- Improved Efficiency – Along with reduced IT and training costs, an ERP can reduce the time and effort required by your workforce to carry out their daily activities. Properly implemented, an ERP can greatly reduce or eliminate repetitive manual processes, thus freeing up team members to focus on revenue-affecting tasks.
- Data Security and Quality – One of the biggest advantages of an ERP system is data security. After all, at the heart of the ERP concept is data. Sharing data across functional silos such as customer service, sales, marketing and business development enhances collaboration throughout a company. The other side to widespread data access is controlling who can see and edit the information. ERP solutions have intrinsic controls to ensure the security of your data.
As we can see the ERP system has very many benefits so you would think that every company should implement it, however it is also important to look at some disadvantages before making up your mind.
Some of the disadvantages include:
- The cost of the ERP Software. If you choose to invest in a traditional ERP, you could easily end up spending five figures for a single license. The upfront cost of the software alone can be prohibitively high.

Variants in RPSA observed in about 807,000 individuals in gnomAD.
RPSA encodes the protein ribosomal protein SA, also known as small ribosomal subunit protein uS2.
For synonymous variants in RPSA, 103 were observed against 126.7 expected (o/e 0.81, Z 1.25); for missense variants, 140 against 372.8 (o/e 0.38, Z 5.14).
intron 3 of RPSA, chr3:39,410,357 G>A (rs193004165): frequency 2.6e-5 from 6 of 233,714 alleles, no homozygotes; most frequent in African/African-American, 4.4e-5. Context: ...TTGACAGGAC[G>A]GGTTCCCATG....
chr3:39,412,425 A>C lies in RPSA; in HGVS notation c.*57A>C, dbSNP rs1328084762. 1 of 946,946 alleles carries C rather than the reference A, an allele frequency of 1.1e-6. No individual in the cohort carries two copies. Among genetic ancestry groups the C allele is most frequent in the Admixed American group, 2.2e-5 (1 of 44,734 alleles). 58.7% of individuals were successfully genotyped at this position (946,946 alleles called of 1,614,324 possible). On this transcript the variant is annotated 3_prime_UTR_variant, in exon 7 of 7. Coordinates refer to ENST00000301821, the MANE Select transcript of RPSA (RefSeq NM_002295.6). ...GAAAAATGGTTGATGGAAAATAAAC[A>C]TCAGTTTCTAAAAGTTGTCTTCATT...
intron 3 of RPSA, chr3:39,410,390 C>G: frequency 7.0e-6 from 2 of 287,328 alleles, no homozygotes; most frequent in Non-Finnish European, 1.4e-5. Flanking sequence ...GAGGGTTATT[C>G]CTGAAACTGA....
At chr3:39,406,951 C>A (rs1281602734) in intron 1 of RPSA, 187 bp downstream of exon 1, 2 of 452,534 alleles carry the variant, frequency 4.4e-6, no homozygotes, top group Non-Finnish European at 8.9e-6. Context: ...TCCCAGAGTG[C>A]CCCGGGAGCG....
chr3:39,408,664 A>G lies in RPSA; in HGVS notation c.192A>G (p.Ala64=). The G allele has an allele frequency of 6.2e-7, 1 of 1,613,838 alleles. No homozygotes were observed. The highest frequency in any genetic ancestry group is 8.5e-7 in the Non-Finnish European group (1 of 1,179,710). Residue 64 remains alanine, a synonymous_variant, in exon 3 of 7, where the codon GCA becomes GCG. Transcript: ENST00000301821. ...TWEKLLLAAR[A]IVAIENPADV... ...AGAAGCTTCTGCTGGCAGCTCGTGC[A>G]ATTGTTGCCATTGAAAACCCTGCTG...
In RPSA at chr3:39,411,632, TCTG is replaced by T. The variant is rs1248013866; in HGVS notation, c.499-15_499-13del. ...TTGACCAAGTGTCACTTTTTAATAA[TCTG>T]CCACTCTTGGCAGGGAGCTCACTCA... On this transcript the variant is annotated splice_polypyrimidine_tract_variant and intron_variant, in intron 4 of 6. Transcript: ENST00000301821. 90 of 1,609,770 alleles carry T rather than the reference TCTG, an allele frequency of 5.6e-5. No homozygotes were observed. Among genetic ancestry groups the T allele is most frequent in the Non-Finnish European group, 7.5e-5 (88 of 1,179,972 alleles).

- The cost of implementation and maintenance. While the software alone is a major investment, the implementation process can be even more expensive. Businesses must take into account the cost of manpower and time necessary for a successful deployment.
- The customisation processes. Customisation is one of the best aspects of ERP, but it can easily and quickly get out of hand. Customising your ERP software takes a lot of time, effort, expertise and money.
- The complexity. ERP software solutions provide numerous capabilities, but that also means the software can be complex and difficult to use. It’s not unheard of for companies to get swept up in all the potential of an ERP but fail to plan properly for its implementation.
Future of SAP
For most companies, the advantages of ERP systems often outweigh the disadvantages. The potential for totally streamlined business functions and boosts in productivity over the long-term makes the benefits of implementing ERP systems a worthwhile investment of time and resources. SAP is a global leader in ERP solutions, therefore, we believe SAP will aggressively continue its development and growth in the future, and here at Cavendish Professionals we are looking to support this growth by providing the best talent for businesses that use SAP systems.
We recruit for various SAP roles in the DACH area and currently looking for a German Speaking Associate Recruitment Consultant to join our Technology-SAP team. If this is of any interest to you, please get in touch.
Alternatively, if you are a client and have any recruitment requirements or you are a candidate who is looking for a new opportunity, do not hesitate to contact us via our Technology website.
The Journey of SAP